An absolutely harrowing novel that makes you feel like you yourself have spent months tramping around the arid wastelands of what is now the US-Mexican borderland. It’s the kind of novel that leaves you feeling you need a good scour in the shower even though something tells you no amount of scrubbing will get you clean.
Leaving a miserable childhood, “the kid” wanders away from home to fall in with the infamous (and actual) Glanton Gang of mercenaries. Ostensibly hired by the Mexican government to combat the threat of marauding indigenous Apaches, the gang slaughter pretty much everything in their path knowing that those paying them bounty will not be able to identify the individual scalps.
This is not a tale of lost innocence, for there is no innocence to lose. Each and every character lives a life moulded by suffering, pain and immense cruelty. McCarthy writes scenes of what should be unutterable violence, painted with prose that is at once brutal but also, strangely, beautiful.
…the riders were beginning to appear far out on the lake bed, a thin frieze of mounted archers that trembled and vanished in the rising heat. They crossed before the sun and vanished one by one and reappeared again and they were black in the sun and they rode out of that vanished sea like burnt phantoms with the legs of the animals kicking up the spume that was not real and they were lost in the sun and lost in the lake and they shimmered and slurred together and separated again and they augmented by planes in lurid avatars and began to coalesce and there began to appear above them in the dawn-broached sky a hellish likeness of their ranks riding huge and inverted and the horses’ legs incredibly elongate trampling down the high thin cirrus and the howling antiwarriors pendant from their mounts immense and chimeric and the high wild cries carrying that flat and barren pan like cries of souls broke through some misweave in the weft of things into the world below.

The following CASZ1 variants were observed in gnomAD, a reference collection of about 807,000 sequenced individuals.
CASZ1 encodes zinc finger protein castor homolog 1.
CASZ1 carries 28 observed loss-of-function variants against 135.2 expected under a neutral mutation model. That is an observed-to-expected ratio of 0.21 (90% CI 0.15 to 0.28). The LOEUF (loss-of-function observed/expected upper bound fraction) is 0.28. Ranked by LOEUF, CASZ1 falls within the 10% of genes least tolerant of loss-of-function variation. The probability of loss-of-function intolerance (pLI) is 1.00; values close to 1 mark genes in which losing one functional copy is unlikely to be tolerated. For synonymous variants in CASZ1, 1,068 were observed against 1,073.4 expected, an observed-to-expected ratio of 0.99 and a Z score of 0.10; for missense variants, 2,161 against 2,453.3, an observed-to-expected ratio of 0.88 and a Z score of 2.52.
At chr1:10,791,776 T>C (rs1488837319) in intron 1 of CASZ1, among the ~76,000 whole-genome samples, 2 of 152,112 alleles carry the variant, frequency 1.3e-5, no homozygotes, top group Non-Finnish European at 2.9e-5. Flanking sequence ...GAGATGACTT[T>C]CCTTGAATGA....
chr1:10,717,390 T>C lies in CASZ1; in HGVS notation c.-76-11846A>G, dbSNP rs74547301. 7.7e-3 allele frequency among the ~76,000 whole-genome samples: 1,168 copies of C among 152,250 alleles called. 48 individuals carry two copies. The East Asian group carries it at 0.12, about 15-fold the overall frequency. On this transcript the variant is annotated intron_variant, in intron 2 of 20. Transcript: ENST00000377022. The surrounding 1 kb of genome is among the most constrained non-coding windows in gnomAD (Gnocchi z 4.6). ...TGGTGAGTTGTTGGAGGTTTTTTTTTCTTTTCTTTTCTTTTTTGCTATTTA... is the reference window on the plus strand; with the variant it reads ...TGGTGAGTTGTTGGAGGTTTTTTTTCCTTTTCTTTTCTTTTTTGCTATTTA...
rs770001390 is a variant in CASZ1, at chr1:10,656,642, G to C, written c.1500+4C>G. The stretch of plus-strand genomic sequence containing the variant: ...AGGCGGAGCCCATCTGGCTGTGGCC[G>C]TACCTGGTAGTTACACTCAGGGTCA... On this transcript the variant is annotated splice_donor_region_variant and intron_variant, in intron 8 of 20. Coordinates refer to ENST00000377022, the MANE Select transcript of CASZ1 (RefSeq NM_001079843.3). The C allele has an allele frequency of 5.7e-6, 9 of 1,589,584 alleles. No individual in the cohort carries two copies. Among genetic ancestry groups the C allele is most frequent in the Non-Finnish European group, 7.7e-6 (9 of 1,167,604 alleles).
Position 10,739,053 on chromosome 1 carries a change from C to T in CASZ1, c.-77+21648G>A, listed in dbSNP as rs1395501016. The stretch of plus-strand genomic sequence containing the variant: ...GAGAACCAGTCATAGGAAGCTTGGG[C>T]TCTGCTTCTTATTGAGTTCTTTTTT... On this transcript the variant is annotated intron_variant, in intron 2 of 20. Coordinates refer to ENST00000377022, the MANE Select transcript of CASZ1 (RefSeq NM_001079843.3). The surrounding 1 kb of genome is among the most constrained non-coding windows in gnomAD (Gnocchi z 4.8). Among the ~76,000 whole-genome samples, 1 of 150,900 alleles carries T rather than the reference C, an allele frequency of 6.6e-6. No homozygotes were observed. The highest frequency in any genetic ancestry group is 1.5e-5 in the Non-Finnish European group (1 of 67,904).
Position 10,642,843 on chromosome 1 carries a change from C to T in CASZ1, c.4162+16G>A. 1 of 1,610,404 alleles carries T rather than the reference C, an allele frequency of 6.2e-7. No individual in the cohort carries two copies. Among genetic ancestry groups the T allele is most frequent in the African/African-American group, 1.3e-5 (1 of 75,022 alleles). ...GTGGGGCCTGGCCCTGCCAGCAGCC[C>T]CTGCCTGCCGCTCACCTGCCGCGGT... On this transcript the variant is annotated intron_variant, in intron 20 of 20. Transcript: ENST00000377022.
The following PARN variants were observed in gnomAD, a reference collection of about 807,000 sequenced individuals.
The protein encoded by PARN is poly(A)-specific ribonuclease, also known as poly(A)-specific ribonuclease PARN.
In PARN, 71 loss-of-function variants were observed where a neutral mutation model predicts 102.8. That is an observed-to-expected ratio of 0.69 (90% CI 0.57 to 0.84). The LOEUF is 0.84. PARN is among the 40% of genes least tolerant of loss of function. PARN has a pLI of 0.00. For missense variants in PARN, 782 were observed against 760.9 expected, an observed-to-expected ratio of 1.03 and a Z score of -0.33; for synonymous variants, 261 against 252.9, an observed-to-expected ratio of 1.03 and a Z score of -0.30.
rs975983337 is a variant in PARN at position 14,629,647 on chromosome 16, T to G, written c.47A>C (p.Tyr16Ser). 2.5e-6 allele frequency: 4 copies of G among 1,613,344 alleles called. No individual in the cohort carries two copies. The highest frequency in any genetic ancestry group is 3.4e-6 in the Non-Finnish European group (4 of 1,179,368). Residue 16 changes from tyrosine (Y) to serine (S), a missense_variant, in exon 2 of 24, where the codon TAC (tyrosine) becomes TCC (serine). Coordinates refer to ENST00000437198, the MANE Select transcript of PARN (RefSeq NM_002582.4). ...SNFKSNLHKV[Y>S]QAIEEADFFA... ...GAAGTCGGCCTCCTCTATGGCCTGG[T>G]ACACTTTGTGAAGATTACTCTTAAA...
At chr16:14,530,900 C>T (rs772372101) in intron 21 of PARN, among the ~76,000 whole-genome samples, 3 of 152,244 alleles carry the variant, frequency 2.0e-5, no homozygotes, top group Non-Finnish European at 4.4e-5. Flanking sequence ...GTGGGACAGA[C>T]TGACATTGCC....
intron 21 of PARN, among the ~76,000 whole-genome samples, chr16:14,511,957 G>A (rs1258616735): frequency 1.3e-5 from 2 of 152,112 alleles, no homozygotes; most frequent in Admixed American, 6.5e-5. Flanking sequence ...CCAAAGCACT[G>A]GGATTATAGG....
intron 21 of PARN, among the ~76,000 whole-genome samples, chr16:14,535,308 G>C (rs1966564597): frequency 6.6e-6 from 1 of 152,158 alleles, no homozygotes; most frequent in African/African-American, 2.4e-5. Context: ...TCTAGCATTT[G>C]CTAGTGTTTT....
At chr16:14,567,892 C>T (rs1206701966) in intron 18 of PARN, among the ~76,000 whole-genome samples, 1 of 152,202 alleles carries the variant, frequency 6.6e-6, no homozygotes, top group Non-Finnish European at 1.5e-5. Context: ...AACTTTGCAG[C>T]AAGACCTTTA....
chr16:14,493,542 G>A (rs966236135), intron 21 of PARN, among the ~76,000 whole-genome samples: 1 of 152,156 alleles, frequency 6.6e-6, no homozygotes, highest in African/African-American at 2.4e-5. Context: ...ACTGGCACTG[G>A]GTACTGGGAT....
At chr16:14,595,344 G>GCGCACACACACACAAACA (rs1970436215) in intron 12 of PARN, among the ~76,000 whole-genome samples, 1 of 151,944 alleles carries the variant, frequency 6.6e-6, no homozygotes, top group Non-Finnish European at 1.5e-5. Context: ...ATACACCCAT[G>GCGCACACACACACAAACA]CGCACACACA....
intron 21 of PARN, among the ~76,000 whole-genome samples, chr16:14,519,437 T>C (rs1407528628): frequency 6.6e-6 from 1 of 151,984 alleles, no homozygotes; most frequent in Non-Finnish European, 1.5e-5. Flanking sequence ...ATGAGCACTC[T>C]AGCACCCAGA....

No one reading this can fail to see what should be so obvious from all westerns that go before it: there is no romance in violence, and no heroism in the worlds the white man imposed on the inhabitants of the Americas. There is only fear kept at bay by the barrel of a gun and the novel speaks not only of the birth pangs of nations, but moreover their maintenance.
And the landscape watches on, imposing its own brutality on humanity with its salt flats, snow-strewn mountains and every imaginable type of desert. I was somewhat relieved to find that the landscape that McCarthy describes, despite the atrocities wreaked upon its surface and the blood that seeps into its cracks, remains inviolable and retains its purity.
Key: Legacy | Plot / toPic | Characterisation / faCts | Readability | Achievement | StyleRead more about how I come up with my ratings